Europe Reborn As A Budget Destination?
I had abandoned Europe as a possibility for the budget traveler long ago. I did it with great difficulty, because I know from experience there is nothing like the food, history, and atmosphere of Europe. Still, a strong euro and expensive flights seemed to offer no other choice. That is, until I read about a deal to be made on Sunday.
The Open Skies agreement, reducing restrictions on flights between the United States and Europe, is expected to foster competition and, at some key airports like London's Heathrow, spark as much as a 20% increase in transatlantic traffic by June. With this increase in volume and competition experts predict "in the next 18 months you will be able to travel at a steep discount to Europe."
We may not have to wait for major airlines to catch on. Zoom airlines has already begun an aggresive expansion program, with flight schedules modeled after the regional low cost carriers, to drive down the price of flying to Europe. At the moment it is still no bargain, but with a little more competition and room to operate, these already discounted fares will likely drop even further.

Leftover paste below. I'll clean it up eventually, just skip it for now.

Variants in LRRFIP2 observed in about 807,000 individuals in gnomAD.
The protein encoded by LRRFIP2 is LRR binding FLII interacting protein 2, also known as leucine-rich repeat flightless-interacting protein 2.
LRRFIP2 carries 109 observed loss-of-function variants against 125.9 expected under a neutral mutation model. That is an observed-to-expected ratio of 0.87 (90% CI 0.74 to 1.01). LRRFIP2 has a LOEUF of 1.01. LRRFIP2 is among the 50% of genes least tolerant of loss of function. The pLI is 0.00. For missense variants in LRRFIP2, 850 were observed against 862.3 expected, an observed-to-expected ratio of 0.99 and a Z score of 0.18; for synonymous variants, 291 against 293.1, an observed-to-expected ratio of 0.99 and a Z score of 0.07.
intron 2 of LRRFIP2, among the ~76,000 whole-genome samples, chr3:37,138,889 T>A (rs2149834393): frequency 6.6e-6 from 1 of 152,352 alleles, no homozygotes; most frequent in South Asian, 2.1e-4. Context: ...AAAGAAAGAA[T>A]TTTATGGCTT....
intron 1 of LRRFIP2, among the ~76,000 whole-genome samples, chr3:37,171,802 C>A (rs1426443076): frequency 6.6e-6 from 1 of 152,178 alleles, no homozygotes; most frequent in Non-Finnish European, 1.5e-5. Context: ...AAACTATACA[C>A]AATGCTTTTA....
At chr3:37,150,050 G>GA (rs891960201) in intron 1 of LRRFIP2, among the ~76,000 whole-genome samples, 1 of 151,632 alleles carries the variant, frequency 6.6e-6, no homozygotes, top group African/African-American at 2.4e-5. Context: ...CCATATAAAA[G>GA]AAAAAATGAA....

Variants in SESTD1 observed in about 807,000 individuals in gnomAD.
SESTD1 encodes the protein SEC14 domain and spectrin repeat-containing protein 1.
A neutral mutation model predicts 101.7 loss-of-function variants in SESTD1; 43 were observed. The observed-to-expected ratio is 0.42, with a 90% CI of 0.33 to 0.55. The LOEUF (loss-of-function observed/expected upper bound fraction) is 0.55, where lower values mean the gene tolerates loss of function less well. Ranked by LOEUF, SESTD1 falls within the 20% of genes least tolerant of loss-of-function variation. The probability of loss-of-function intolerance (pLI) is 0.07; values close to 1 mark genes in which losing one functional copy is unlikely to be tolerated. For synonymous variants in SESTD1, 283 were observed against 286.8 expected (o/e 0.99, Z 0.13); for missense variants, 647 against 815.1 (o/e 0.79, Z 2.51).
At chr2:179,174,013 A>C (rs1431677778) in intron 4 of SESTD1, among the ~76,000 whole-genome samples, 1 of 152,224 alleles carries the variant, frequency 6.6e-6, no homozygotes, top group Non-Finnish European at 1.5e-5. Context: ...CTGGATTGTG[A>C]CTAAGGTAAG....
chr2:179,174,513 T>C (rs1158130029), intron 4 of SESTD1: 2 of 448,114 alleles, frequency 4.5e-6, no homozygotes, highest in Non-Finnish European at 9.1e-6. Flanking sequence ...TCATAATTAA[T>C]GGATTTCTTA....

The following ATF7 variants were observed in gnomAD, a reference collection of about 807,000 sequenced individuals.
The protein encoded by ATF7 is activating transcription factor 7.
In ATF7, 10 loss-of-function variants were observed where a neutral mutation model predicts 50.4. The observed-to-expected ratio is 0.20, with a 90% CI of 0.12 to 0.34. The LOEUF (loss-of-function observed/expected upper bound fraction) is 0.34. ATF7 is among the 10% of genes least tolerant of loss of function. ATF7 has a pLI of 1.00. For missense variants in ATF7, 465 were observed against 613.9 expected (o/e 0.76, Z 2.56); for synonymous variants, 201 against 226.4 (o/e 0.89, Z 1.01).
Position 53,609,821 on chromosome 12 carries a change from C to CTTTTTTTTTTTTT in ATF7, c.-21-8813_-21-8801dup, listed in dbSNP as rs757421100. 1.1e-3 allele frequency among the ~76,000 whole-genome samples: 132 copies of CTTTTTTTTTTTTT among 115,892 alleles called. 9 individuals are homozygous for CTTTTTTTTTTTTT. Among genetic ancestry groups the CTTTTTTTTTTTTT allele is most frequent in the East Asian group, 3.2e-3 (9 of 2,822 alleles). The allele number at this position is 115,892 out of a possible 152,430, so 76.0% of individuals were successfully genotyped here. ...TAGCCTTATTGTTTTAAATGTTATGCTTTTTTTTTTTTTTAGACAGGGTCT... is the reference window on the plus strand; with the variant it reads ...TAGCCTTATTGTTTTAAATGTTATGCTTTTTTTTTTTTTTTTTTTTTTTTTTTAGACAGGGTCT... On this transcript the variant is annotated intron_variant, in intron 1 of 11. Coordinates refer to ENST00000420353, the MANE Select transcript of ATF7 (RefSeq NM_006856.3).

For me, the possibility of more reasonable airfares triggered daydreams about lazy coffees at French cafes. With the current exchange, that would be a lazy, budget breaking, $10 coffee. Reality seeped in and I realized that even with the cheapest flight possible, the value of a weakening dollar is a serious budget challenge. But, does it necessarily make travel in Europe impossibly expensive?
Thanks to EasyJet, RyanAir, and other pioneers of low cost airfare, it is still cheap, even with a weak dollar, to fly around Europe. With CouchSurfing and other room share programs, It is possible to sleep for free. This option may not work well for families, but there is always the opportunity of a home exchange.
Of course, there are other expenses that will have to be dealt with. Perhaps the best way to beat the weak exchange is to avoid the euro all together. From Poland and Hungry, to Estonia, Sweeden, and the Czech Republic, there are many excellent destinations not yet on the euro. Even if forced to face a euro exchange, all is not lost. There are many tricks to eating cheap abroad, visiting museums, and even shopping that can help cut the costs.
So, am I off to find the coffee of my daydreams? Well, if I am, it will be relegated to a planned "splurge" in the budget, I am afraid. Still, I am now convinced that a budget trip to Europe, while it may require some careful planning, is possible. I think that, even with frightening reports, this most expensive of destinations can show us just how much travel is possible with a small amount of carrefully spent money.